By what characteristics, then, will you recognize these young truants, and by what means will you be able to keep them apart, foil their tricks, or, if possible, work to remedy the situation? At first you will be aware of them from a certain desire they have to be together, to be a separate group, with an air of defiance and a certain separation from their teachers or prefects. You will also know them by their gestures and their attitude, by a type of isolation and staying apart, by an air too calm and quiet to be ordinarily associated with healthy young people of their age. Undoubtedly that will not be enough to let you make a sure judgment or allow your suspicions to become evident facts, but it will be enough to awaken your attention and further open your eyes.
Even if you have suspicion, do not give in to spying. That is tantamount to remedying one evil with another. By acting in that way you would spread among them the seeds of defiance, disunion, and hypocrisy. But try to see and hear everything yourself; try to surprise them at times when they see themselves not in view of a teacher and are not keeping up any sort of guard. Times of recreation, extracurricular events, field trips-those are the times that you must especially exercise vigilance. If you are vigilant, you will succeed in clarifying your suspicions and reaching a good judgment or a reasonable opinion about the condition of these young people. If their inclinations are well enough known to you, you should at once bring it to the attention of the school administration.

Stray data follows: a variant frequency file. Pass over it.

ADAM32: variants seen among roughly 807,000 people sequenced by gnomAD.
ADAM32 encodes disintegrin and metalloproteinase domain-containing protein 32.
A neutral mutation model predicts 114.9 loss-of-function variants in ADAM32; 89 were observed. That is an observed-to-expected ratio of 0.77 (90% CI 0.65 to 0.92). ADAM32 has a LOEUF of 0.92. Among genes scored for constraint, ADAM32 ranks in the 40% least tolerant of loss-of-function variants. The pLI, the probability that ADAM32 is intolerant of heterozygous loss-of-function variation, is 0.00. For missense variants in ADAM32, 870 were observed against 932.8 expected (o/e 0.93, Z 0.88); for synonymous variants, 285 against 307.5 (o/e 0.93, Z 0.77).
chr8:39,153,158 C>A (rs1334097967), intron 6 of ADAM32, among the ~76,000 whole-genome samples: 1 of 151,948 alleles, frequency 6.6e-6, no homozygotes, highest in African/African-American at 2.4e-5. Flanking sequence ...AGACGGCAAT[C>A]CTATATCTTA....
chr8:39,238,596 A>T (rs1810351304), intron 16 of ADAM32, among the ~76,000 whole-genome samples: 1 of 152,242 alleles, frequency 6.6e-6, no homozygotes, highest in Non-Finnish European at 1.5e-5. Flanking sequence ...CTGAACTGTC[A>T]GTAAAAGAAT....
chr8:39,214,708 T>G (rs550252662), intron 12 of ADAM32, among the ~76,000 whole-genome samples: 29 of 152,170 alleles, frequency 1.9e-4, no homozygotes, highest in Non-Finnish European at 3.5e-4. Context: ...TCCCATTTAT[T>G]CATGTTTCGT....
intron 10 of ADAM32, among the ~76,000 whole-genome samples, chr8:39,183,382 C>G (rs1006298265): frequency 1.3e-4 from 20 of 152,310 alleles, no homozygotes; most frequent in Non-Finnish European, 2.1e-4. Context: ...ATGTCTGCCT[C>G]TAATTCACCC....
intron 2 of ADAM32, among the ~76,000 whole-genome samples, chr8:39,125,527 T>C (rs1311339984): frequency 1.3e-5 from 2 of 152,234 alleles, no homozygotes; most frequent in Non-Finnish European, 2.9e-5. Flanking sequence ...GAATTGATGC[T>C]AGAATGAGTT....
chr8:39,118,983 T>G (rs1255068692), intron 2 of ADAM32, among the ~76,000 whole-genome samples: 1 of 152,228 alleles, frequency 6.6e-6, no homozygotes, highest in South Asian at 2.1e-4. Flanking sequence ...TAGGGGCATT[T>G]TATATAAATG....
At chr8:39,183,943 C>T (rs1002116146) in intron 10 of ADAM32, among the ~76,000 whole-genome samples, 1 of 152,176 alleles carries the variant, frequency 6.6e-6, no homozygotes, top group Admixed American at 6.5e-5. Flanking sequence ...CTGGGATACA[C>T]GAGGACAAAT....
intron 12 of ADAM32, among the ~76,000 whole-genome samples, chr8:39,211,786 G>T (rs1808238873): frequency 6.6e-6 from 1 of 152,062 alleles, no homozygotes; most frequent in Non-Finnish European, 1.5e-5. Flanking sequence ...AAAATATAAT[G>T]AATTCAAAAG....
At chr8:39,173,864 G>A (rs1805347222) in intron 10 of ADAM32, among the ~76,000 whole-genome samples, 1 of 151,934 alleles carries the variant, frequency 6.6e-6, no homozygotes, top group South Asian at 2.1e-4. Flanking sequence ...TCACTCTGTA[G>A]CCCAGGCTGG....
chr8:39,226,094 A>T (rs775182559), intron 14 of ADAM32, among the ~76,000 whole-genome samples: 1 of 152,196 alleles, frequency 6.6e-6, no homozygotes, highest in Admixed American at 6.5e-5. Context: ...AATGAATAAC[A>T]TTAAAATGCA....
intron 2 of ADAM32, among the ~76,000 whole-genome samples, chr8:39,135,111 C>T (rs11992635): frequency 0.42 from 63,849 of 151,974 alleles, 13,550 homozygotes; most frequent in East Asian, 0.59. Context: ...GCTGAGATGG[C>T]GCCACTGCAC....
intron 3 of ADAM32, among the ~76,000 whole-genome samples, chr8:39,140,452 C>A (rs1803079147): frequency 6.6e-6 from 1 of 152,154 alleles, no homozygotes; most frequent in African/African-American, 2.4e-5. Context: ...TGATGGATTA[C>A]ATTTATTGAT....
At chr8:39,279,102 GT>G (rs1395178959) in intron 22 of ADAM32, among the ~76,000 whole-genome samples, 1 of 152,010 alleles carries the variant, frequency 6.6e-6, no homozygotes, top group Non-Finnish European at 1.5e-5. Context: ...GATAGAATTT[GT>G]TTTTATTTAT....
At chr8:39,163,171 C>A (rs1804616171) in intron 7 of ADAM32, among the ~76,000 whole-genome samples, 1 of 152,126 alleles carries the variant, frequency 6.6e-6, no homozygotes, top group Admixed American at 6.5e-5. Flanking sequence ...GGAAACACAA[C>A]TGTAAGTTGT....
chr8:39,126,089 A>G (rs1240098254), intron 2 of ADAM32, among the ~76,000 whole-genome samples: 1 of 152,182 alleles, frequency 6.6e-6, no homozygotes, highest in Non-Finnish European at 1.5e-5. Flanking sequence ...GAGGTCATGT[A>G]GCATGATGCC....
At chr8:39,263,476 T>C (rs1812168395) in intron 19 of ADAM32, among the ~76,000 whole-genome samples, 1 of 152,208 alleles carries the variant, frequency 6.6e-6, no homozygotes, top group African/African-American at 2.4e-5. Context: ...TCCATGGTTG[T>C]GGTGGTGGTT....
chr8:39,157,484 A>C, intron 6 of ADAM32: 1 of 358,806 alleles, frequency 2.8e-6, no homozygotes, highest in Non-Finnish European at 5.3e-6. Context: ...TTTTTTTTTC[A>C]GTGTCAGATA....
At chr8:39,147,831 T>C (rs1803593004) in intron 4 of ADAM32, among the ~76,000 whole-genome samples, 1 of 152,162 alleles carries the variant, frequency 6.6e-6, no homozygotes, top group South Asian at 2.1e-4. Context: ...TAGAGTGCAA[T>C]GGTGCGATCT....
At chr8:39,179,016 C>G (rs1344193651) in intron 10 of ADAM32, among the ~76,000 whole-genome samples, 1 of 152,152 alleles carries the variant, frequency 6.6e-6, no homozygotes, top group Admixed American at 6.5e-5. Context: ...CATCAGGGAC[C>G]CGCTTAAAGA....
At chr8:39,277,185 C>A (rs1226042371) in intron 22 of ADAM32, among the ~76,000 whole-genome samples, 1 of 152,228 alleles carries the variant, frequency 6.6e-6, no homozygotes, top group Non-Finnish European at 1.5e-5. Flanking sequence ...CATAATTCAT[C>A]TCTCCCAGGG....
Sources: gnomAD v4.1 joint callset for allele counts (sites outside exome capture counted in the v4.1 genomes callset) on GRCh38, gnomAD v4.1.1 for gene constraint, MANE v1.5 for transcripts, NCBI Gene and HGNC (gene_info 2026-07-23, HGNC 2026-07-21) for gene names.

Administrators then will need to work with the father and mother of the student, in order to help them improve their son’s or daughter’s state by purifying the heart and enlightening the intelligence. For that, there will be a need for continued surveillance. To give this heart the goodness it has lost and to inspire in it hatred of whatever eats at the goodness, you must have recourse to all means of prudence, to all the resources of charity, and, above all, to the efficacy of prayer. If, in spite of all that, the student is unable to correct his or her condition or if you are seriously concerned that the student will have a bad affect upon the other students, it will be necessary for the student to be dismissed from the school. §
Immature Young People